In lieu of an abstract, here is a brief excerpt of the content:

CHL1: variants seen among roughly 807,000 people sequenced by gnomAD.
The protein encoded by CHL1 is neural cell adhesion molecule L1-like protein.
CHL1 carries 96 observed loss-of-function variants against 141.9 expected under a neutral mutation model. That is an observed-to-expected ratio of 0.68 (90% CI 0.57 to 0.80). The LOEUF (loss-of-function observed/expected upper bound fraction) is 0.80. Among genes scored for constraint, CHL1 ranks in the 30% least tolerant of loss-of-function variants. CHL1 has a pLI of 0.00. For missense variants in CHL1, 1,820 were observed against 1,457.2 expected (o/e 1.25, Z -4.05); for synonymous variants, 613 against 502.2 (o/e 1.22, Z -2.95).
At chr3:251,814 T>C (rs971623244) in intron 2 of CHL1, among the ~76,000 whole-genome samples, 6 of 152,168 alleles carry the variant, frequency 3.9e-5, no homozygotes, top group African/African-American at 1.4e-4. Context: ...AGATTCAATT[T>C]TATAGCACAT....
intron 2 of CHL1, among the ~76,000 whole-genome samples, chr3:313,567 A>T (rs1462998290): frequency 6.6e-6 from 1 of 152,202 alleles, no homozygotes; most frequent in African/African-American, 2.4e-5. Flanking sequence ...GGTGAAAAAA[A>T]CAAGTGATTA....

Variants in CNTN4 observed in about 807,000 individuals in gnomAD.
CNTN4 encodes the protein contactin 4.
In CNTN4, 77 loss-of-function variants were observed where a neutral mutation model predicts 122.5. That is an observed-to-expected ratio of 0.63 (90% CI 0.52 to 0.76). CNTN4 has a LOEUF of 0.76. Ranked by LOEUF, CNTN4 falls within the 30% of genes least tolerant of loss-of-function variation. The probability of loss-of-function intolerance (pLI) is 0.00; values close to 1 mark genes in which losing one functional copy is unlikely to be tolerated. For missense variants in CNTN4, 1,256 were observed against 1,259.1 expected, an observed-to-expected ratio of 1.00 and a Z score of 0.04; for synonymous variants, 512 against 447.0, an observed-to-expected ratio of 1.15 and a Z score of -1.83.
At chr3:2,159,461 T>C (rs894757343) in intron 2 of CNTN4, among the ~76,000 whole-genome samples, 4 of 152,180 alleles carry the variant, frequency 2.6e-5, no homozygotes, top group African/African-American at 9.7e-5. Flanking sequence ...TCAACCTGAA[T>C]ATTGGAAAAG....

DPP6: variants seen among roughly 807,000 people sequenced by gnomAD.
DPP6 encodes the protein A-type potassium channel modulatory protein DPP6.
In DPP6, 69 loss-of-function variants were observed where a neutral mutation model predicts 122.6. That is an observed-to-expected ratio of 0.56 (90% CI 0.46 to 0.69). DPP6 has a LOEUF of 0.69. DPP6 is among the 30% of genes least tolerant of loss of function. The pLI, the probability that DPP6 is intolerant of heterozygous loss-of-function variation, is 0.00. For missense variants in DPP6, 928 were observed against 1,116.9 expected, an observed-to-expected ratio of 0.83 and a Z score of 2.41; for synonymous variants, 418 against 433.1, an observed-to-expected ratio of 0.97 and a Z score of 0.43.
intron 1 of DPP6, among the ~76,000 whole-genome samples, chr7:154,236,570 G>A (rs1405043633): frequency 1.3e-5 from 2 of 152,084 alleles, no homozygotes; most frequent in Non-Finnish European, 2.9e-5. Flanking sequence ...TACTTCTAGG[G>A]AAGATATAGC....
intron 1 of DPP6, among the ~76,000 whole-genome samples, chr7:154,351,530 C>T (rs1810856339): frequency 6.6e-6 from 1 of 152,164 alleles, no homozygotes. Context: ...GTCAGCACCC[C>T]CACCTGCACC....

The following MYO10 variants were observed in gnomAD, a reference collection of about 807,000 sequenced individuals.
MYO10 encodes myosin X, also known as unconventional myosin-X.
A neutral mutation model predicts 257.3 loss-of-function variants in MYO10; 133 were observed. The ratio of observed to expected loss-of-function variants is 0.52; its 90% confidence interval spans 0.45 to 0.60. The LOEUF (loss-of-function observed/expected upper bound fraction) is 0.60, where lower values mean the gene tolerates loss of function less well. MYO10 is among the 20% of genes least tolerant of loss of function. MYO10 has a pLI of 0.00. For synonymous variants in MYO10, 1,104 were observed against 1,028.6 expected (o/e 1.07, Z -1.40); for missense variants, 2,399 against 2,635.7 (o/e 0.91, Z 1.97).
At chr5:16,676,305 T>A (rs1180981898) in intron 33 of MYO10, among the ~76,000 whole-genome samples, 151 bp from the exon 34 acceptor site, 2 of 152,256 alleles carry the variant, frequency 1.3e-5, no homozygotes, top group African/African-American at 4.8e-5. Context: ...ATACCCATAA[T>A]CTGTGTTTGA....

I am attracted to the mask. have a sound. And It Is the Noh plays;all the actors at masks, but In some sense Is a bit likea voice-over. Fo ly see the text, but you caj much space for the listenm our Imaulnatlon. It we taki HANS PETER KUHN, AUDIO ENVIRONMENT I've worked with Wilson since 1978 when I was on the staff of the Schaubuhne in Berlin and he did Death, Destruction and Detroit. I came into this production late, so I was not there when the decisions were made, but I knew that there was no composer involved and that he was going to have something different. He's always trying things to make the pieces different. The new direction Is to use existing material. Usually I propose things and he has some ideas and we try things until we figure out what works. But here I only added a little music and I did this collage in the ritual scene. He only told me that something should happen there, so I chose the music. We used the Mozart Piano Concerto no. 22, a section of the slow movement, as a background for atmosphere in the Prologue , in scene seven, the Walter scene, and in the very end when Alcestis comes back. There is the sustained cello segment from someone in Cambridge , in scene three, also for atmosphere, and the single strings that are plucked-that was Bob's idea. I thought when I came that there would be more music, but he didn't want more, until just about the end, when we did add more. These crows in scene three and scene eight, I have a little trouble with them. We have simple forest birds In scene one and five through eight. I think he wants these because they're in the text. His ideas are often close to the text ... There Is a furnace from the basement near the rehearsal room, he liked that sound. That's the sound you hear at the end that builds and builds and builds. The ritual has eight different tracks of text from the piece (first page of scene four), but you almost can't understand it because it is whispered, 102 then textured differently eight times. There is also the European ambulance sound, the yodel chanting form of African origin, it's just beautiful. The ritual is very ethnologic, so I thought it should have some of these sounds that are ethnologic. i didn't find something I really liked in Greek music, so I decided to take the African music. To me it is not such a big difference because this ritual is not really Greek. For me it's more the feeling of the old sanctification. And then there Is the chanting of the girls, they do it onstage, and on tape so it is double, very high chanting. There is the chest beating, we have that on tape, and a drummer also taken from African music, but it's also very distant, you almost don't hear it. And then there is some shouting of lines from the piece. And the whole thing builds. And the bass line, the synthesizer, a very simple thing that just gives a little bottom to it. The whispers are all very high frequency tones so this just rounds it out. And all this builds over four minutes until the end of the ritual, and then goes down one more time and finishes when they exit. So it starts with the human voice, and moves to a watery sound. The idea was to combine cultural and natural sounds. It has ten different speakers, ten different sources in the building. We did something like it in Cologne on CIVIL warS, but there the intention was more to annoy. Here you get the feeling of being surrounded by something. It's like being prenatal, being surrounded by a womb of sound. JENNIFER TIPTON, LIGHTING First of all, Bob does the lighting. It is his conceptually. That doesn't mean that I don't bring to it as many ideas as I do other productions. I certainly do, but the...


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